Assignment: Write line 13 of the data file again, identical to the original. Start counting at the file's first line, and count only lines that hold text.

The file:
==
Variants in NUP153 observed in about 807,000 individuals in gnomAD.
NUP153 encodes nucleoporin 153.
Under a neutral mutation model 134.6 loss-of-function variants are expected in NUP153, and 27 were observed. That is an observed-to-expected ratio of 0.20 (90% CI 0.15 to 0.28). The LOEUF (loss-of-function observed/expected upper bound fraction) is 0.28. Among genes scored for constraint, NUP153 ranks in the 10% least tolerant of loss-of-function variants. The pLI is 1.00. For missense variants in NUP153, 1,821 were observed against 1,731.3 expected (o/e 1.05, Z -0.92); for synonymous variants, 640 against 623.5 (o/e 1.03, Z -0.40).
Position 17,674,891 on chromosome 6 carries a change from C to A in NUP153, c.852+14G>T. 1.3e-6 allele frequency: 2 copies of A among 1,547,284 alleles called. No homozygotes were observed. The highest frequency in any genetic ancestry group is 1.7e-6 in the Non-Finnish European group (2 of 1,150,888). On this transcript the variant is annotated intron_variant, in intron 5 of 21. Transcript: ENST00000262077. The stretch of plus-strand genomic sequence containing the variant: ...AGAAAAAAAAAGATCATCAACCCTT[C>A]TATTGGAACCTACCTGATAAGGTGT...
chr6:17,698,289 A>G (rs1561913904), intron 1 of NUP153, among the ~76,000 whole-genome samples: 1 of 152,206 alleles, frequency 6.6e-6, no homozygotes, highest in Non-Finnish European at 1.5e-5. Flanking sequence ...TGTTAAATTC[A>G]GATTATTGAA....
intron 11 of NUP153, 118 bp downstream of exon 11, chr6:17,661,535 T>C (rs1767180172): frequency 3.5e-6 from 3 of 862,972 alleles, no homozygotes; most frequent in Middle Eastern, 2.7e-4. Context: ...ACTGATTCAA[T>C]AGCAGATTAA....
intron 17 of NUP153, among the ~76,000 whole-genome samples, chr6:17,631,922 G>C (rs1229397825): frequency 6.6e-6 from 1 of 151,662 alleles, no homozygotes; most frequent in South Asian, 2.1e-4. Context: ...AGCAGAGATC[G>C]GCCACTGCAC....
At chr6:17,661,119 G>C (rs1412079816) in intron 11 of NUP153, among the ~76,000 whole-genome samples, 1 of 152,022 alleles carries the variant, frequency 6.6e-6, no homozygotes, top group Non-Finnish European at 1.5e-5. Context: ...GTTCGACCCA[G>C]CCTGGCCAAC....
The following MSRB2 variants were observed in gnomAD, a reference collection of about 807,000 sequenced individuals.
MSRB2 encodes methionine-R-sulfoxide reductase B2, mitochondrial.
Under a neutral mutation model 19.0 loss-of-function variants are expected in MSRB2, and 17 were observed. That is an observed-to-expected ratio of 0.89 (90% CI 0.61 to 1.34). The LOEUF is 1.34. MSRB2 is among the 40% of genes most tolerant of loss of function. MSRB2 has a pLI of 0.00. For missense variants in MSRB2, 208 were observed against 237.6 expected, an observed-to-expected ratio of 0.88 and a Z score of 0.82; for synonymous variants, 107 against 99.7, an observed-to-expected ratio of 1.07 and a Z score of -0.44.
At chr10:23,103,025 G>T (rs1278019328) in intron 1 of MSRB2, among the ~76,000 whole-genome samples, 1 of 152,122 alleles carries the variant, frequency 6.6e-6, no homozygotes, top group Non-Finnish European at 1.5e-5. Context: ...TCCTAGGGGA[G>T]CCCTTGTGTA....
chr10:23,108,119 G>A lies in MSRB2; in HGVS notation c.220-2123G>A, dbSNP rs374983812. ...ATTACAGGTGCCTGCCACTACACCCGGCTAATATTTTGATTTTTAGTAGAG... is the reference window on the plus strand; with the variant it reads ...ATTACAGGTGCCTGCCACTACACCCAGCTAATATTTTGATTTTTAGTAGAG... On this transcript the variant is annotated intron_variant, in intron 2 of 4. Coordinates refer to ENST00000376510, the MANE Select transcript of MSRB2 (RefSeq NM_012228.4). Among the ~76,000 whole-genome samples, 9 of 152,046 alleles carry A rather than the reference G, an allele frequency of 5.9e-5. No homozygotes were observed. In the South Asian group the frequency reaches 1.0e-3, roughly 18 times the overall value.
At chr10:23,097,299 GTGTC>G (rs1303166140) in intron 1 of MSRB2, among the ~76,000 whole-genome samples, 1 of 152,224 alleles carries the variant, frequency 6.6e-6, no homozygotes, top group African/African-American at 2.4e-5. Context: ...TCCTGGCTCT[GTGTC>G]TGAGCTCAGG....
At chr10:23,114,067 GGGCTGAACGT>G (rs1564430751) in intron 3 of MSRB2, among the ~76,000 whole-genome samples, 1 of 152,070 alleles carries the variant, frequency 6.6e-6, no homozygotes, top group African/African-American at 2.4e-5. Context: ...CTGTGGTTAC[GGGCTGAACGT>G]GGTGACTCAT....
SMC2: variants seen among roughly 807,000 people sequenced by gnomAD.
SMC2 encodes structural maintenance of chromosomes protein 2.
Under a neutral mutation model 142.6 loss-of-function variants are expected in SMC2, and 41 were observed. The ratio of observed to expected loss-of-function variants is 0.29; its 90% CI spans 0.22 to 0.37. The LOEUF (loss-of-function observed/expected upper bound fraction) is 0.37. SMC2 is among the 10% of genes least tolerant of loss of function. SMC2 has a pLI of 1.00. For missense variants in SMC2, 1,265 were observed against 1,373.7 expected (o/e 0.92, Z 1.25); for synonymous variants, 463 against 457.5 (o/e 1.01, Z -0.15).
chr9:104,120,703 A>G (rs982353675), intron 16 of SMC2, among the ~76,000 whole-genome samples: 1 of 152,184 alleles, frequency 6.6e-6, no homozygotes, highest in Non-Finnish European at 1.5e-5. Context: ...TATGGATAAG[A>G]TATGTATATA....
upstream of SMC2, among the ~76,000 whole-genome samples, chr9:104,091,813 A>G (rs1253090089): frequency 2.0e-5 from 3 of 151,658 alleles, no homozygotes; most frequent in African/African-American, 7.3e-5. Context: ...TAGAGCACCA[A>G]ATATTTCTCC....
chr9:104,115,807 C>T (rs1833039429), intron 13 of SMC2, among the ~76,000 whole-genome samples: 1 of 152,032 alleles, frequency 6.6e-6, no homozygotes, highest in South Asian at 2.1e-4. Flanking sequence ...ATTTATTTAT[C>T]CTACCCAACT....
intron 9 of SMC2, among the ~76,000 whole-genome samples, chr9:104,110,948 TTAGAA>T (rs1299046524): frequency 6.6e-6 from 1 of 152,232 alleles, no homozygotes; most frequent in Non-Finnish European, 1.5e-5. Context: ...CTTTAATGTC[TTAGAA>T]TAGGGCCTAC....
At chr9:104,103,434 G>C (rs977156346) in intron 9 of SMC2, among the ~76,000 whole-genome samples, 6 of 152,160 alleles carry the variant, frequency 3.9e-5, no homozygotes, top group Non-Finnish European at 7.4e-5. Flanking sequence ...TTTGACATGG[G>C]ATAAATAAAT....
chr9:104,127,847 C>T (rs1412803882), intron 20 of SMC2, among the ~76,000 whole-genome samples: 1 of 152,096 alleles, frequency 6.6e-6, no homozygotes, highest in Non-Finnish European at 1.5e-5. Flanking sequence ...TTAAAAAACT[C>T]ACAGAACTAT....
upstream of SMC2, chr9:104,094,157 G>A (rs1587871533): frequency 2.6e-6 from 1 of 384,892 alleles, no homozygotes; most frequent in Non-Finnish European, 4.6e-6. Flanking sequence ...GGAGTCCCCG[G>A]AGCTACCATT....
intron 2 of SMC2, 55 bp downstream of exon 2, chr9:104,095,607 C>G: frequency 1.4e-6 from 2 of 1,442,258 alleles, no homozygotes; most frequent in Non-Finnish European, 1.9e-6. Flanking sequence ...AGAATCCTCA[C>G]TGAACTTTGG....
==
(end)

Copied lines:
chr10:23,108,119 G>A lies in MSRB2; in HGVS notation c.220-2123G>A, dbSNP rs374983812. ...ATTACAGGTGCCTGCCACTACACCCGGCTAATATTTTGATTTTTAGTAGAG... is the reference window on the plus strand; with the variant it reads ...ATTACAGGTGCCTGCCACTACACCCAGCTAATATTTTGATTTTTAGTAGAG... On this transcript the variant is annotated intron_variant, in intron 2 of 4. Coordinates refer to ENST00000376510, the MANE Select transcript of MSRB2 (RefSeq NM_012228.4). Among the ~76,000 whole-genome samples, 9 of 152,046 alleles carry A rather than the reference G, an allele frequency of 5.9e-5. No homozygotes were observed. In the South Asian group the frequency reaches 1.0e-3, roughly 18 times the overall value.